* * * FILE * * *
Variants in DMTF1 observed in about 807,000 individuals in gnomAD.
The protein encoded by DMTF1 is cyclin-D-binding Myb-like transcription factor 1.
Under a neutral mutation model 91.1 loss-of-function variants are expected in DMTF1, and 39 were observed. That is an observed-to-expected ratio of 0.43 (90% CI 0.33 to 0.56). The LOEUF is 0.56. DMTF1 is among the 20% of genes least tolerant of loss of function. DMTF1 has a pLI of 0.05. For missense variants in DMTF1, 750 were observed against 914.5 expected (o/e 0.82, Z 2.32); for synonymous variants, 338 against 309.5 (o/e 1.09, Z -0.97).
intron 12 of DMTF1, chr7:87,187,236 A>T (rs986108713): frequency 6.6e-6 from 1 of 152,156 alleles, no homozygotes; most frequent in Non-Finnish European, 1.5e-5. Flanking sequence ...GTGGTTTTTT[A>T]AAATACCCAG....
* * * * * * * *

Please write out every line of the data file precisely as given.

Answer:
Variants in DMTF1 observed in about 807,000 individuals in gnomAD.
The protein encoded by DMTF1 is cyclin-D-binding Myb-like transcription factor 1.
Under a neutral mutation model 91.1 loss-of-function variants are expected in DMTF1, and 39 were observed. That is an observed-to-expected ratio of 0.43 (90% CI 0.33 to 0.56). The LOEUF is 0.56. DMTF1 is among the 20% of genes least tolerant of loss of function. DMTF1 has a pLI of 0.05. For missense variants in DMTF1, 750 were observed against 914.5 expected (o/e 0.82, Z 2.32); for synonymous variants, 338 against 309.5 (o/e 1.09, Z -0.97).
intron 12 of DMTF1, chr7:87,187,236 A>T (rs986108713): frequency 6.6e-6 from 1 of 152,156 alleles, no homozygotes; most frequent in Non-Finnish European, 1.5e-5. Flanking sequence ...GTGGTTTTTT[A>T]AAATACCCAG....